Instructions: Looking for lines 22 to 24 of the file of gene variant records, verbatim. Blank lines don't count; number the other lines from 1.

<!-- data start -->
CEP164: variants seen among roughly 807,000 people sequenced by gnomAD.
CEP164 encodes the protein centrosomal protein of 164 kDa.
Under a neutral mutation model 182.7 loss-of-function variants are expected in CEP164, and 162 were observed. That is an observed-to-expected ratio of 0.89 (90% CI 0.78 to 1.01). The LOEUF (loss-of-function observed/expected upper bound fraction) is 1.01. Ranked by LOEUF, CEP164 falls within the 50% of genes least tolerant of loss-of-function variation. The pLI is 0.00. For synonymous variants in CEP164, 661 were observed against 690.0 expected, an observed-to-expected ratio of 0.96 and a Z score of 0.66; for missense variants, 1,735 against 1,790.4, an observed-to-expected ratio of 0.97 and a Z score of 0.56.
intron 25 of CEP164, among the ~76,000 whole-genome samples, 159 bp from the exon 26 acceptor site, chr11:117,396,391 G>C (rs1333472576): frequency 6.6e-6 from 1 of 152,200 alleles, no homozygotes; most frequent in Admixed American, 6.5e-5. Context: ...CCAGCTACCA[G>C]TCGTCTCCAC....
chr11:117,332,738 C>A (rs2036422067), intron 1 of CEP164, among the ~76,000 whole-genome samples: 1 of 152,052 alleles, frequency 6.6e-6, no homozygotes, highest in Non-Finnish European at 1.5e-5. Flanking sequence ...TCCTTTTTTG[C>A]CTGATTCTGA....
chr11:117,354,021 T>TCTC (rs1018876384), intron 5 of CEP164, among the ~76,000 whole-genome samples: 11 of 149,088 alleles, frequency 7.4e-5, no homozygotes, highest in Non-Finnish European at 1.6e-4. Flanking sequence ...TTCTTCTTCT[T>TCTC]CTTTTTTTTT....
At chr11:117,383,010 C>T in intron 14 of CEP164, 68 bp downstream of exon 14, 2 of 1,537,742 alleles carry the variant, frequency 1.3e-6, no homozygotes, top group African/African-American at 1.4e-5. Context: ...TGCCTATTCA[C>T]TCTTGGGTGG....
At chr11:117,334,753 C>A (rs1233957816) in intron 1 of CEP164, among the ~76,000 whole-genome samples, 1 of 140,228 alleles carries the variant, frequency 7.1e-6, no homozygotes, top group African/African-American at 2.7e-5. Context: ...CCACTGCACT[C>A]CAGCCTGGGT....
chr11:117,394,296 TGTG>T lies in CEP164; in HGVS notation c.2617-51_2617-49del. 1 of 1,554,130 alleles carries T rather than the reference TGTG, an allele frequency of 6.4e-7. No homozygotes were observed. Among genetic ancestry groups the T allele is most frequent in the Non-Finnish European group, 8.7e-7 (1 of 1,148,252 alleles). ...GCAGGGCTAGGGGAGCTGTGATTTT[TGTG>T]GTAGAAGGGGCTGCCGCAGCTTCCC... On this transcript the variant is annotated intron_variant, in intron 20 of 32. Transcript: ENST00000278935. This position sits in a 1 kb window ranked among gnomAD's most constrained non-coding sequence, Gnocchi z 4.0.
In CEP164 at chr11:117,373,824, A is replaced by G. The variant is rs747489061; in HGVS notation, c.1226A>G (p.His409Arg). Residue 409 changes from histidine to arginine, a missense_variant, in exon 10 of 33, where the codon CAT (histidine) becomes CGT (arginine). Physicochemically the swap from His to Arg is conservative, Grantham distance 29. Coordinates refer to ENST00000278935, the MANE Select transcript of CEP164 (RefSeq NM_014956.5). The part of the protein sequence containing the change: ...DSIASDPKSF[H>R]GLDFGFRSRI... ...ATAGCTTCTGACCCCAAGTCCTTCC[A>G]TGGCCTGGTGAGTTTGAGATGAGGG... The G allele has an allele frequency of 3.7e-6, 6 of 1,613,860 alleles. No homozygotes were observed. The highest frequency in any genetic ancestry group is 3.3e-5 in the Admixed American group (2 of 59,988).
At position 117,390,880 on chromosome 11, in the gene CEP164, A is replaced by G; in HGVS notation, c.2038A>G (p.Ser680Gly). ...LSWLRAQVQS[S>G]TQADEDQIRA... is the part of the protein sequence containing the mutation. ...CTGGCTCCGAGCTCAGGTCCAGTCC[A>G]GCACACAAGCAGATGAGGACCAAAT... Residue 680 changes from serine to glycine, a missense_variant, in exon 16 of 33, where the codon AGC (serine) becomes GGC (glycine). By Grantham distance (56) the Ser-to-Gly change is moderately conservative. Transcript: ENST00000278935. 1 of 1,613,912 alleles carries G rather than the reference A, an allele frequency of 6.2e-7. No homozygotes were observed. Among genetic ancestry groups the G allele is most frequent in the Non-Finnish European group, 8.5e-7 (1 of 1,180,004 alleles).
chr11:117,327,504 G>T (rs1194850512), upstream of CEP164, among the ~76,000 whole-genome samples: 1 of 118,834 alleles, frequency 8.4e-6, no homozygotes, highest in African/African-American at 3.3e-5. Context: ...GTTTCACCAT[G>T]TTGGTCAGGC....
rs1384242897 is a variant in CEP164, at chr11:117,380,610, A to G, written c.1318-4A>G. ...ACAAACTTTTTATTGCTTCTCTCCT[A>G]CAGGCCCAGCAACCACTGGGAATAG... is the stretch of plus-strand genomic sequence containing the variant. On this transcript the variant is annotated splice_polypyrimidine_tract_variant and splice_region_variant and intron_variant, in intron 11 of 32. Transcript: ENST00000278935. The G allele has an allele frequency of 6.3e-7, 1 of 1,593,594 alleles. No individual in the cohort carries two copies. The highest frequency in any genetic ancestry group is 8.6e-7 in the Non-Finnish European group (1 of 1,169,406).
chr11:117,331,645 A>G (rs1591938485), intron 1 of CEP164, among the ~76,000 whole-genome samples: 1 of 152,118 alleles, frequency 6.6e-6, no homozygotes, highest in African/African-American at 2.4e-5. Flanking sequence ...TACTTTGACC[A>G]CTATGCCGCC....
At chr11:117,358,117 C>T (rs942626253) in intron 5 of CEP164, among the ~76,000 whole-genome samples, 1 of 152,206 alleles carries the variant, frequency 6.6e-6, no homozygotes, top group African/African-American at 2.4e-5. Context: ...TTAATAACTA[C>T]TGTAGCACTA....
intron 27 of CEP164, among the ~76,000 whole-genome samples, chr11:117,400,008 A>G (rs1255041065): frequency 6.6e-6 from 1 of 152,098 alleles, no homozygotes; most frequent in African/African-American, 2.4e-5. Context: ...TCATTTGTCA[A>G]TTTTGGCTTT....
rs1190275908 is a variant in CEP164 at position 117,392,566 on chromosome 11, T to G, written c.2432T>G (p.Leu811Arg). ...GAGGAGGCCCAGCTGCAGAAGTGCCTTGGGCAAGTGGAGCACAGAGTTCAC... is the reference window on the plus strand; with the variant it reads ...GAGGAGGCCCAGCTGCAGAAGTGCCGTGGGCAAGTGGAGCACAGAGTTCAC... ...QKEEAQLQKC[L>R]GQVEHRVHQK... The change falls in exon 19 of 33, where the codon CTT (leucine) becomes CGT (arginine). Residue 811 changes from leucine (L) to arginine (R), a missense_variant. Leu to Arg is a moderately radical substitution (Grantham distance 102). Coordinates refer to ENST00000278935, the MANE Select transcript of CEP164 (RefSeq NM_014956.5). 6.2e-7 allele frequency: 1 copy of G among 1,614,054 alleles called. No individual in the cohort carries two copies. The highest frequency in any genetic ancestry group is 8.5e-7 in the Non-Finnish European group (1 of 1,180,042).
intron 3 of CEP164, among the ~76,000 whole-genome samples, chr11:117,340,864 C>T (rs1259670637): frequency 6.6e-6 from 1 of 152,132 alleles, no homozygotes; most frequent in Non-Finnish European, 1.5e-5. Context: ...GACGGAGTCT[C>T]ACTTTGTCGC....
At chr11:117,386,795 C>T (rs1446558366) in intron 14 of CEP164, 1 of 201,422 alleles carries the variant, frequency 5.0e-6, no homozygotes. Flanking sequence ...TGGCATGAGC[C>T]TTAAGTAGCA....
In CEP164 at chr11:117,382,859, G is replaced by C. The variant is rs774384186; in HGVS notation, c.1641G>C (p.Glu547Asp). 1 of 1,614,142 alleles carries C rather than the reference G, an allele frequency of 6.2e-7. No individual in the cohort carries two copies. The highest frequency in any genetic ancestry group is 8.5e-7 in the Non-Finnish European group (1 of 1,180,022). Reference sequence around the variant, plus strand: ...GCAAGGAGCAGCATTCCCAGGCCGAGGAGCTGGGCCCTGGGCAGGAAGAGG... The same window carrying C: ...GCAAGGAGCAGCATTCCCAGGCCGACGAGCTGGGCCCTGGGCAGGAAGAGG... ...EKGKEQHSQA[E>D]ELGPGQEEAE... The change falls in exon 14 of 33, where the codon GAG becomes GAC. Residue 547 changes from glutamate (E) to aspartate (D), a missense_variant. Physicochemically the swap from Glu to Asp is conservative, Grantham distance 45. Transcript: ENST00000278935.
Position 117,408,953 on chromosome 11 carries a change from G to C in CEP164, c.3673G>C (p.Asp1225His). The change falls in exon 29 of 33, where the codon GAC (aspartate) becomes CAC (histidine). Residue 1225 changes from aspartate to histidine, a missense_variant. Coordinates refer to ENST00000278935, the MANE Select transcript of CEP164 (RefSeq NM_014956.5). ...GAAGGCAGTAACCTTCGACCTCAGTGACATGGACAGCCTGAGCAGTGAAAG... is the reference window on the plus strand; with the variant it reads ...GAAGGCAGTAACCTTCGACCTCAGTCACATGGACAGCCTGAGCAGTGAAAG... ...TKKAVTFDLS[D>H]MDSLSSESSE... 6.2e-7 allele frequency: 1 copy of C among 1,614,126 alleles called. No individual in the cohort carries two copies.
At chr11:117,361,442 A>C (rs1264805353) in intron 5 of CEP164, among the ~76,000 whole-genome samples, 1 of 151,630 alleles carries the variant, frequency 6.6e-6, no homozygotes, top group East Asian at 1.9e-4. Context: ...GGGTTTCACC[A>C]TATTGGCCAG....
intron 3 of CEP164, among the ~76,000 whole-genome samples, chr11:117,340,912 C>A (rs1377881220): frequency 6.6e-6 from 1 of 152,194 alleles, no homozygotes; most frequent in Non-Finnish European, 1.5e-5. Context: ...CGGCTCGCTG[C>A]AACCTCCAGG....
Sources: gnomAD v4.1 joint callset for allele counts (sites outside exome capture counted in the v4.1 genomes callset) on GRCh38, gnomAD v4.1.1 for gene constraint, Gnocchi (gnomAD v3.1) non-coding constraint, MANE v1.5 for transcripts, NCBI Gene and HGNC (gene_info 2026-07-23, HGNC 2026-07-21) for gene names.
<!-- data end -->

At chr11:117,361,442 A>C (rs1264805353) in intron 5 of CEP164, among the ~76,000 whole-genome samples, 1 of 151,630 alleles carries the variant, frequency 6.6e-6, no homozygotes, top group East Asian at 1.9e-4. Context: ...GGGTTTCACC[A>C]TATTGGCCAG....
intron 3 of CEP164, among the ~76,000 whole-genome samples, chr11:117,340,912 C>A (rs1377881220): frequency 6.6e-6 from 1 of 152,194 alleles, no homozygotes; most frequent in Non-Finnish European, 1.5e-5. Context: ...CGGCTCGCTG[C>A]AACCTCCAGG....
Sources: gnomAD v4.1 joint callset for allele counts (sites outside exome capture counted in the v4.1 genomes callset) on GRCh38, gnomAD v4.1.1 for gene constraint, Gnocchi (gnomAD v3.1) non-coding constraint, MANE v1.5 for transcripts, NCBI Gene and HGNC (gene_info 2026-07-23, HGNC 2026-07-21) for gene names.